Ghost makes use of a split screen design, reminiscent of an email inbox, with a post archive on one side and a full post preview on the other. This allows you to browse through your posts (in a meaningful way) much quicker and easier than the current WordPress archive allows. And if you decide a post needs editing (or you’d like to create a new post altogether) you are brought to a similar split screen post editor.
6. Content Creation: Perhaps one of the biggest differences between the two platforms, particularly in their blogging experiences, is Ghost’s split screen writing environment. It uses Markdown to create non-stop seamless formatting as you write. This innovation is one of the most exciting things about the new Ghost platform and a clear example of how its stated purpose of focusing just on blogging is already making a difference for users.
7. User Management: Speaking of users, the next big thing that Ghost does differently from WordPress is attempt to tackle the unique challenges of managing a multi-author blog right out of the box. Sure, WordPress has the ability to add users and assign user roles, but what Ghost is trying to do specifically is provide baked-in newsroom functionality for multi-author blogs and online magazines. Of course these are features that are available to WordPress users now via various plugins, but beginning with a well designed, native system for managing a large writing staff would be huge for the future of online publishing. I say future because at the moment this feature is not very fleshed out on Ghost as their initial focus is small, personal blogs. However, this is one of the features they seem to be most passionate about developing.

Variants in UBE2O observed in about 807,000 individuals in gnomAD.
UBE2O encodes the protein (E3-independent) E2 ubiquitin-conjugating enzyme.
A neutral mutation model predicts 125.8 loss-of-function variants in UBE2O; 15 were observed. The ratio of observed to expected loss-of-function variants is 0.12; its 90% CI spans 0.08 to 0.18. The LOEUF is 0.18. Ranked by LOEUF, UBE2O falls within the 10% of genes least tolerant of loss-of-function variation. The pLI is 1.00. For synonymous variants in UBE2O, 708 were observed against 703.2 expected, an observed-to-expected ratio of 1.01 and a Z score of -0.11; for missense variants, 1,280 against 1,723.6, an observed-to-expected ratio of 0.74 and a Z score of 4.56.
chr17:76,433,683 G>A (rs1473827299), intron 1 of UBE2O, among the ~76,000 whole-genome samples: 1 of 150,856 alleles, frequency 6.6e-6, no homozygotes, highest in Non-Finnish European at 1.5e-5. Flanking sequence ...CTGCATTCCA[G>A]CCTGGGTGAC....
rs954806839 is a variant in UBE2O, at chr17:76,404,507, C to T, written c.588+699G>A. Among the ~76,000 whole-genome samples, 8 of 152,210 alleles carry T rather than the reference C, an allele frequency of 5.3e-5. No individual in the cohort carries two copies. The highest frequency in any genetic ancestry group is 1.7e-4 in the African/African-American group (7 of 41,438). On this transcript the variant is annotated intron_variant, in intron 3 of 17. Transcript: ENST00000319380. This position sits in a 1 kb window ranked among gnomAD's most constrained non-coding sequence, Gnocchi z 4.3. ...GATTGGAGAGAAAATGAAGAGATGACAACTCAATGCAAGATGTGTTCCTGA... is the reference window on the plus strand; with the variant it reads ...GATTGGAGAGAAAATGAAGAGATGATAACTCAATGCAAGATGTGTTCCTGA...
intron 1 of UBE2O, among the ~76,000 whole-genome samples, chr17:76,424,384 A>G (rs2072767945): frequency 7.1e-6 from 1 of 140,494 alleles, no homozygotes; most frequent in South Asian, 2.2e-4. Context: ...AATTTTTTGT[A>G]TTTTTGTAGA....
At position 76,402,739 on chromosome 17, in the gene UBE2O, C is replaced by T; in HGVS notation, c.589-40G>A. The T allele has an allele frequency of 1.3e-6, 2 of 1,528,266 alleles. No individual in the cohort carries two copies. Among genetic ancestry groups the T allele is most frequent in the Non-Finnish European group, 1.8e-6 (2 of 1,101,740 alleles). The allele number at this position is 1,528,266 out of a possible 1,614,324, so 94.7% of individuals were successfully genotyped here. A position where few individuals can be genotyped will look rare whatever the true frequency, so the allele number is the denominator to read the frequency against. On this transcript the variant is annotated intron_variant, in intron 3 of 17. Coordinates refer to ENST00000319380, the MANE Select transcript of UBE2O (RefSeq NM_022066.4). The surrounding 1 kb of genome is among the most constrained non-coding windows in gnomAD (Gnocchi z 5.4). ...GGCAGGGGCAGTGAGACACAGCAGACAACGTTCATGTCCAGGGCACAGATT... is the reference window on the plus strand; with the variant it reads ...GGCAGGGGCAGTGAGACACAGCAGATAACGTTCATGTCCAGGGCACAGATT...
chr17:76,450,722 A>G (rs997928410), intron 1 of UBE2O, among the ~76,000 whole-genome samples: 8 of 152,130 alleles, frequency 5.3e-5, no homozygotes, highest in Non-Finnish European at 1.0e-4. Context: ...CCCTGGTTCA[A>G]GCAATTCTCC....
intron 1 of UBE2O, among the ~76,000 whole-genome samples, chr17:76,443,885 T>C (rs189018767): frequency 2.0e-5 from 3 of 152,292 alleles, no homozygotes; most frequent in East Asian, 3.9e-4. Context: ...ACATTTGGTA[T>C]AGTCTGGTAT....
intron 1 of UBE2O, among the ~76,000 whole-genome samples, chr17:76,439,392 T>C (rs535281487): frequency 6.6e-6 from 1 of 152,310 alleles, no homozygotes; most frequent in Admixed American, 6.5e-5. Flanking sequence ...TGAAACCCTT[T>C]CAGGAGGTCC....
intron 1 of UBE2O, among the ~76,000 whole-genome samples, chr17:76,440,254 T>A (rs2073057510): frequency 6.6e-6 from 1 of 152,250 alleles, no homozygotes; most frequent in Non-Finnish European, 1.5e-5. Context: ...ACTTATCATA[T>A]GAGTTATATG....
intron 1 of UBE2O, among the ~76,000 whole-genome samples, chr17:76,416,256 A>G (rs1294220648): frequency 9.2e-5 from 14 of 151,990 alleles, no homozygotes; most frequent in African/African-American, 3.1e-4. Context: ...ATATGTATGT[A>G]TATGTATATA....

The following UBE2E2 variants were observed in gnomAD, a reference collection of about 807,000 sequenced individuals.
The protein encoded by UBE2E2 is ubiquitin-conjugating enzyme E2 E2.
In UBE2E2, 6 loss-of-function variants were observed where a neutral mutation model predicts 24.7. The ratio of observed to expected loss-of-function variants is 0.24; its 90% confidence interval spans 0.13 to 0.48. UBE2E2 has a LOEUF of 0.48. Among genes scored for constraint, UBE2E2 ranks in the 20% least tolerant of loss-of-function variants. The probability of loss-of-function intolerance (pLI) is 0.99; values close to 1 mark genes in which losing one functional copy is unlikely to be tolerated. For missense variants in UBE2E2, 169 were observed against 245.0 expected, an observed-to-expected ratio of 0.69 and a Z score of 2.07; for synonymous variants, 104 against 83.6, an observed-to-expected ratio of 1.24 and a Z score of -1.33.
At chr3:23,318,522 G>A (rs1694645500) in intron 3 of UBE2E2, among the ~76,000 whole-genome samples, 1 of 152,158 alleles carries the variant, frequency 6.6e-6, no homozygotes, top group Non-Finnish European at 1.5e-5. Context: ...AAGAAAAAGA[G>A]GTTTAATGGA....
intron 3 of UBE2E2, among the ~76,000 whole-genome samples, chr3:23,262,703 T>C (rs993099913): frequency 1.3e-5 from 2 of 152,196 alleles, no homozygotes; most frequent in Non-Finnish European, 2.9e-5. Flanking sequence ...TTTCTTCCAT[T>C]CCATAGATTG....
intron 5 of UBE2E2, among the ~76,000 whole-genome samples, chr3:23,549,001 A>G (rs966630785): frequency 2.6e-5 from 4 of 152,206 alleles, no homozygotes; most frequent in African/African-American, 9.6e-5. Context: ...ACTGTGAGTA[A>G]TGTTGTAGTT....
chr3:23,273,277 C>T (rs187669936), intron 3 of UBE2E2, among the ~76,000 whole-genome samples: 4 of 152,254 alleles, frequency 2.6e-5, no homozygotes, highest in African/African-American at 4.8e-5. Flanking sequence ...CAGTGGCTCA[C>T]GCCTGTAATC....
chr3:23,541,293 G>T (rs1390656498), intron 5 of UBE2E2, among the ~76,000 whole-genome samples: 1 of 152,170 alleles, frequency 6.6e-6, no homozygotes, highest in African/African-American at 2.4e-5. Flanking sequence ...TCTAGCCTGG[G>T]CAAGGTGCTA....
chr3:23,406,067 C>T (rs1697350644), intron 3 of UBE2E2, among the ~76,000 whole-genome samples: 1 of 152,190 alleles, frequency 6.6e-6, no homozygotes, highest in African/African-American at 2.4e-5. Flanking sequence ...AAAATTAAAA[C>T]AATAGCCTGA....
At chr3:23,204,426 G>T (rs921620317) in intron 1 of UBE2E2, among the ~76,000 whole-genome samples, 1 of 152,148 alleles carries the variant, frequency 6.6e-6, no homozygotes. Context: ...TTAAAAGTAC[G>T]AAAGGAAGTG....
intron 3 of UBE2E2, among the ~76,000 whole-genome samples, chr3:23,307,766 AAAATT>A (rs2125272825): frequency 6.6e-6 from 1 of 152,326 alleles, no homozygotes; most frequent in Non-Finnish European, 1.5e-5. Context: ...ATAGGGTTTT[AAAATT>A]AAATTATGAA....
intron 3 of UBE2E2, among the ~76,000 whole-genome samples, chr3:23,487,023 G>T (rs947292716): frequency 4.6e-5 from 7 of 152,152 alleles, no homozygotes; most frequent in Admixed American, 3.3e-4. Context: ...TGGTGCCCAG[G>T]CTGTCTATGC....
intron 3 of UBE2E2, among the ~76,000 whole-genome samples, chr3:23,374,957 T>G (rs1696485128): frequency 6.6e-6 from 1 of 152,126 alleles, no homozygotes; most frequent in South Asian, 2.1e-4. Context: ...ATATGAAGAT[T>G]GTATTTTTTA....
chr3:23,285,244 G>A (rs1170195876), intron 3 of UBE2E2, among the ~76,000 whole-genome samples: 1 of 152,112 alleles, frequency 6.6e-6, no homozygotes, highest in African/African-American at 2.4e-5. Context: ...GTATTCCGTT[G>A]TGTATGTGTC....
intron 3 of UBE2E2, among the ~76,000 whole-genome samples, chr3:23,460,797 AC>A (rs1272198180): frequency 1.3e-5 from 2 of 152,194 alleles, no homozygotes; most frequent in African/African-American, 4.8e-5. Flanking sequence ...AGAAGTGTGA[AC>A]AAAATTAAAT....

8. Dashboard: Perhaps one of the biggest drivers of passion for the Ghost project has been their vision for a new Dashboard. Traditionally, the WordPress dashboard has been one of the uglier, clunkier pages of wp-admin. O’Nolan stood this trend on its head by arguably making the Ghost dashboard the most attractive and feature rich page of the whole backend. He does this, in part, thanks to his philosophy of simplification. By removing the need for extra plugins that provide the desired dashboard widgets nearly every blogger is going to want, they instead baked all that right into the core, allowing Ghost to provide the appropriate dashboard widgets–displaying important social data, post analytics and other important bits of data every blogger wants to know–decked out in beautiful design.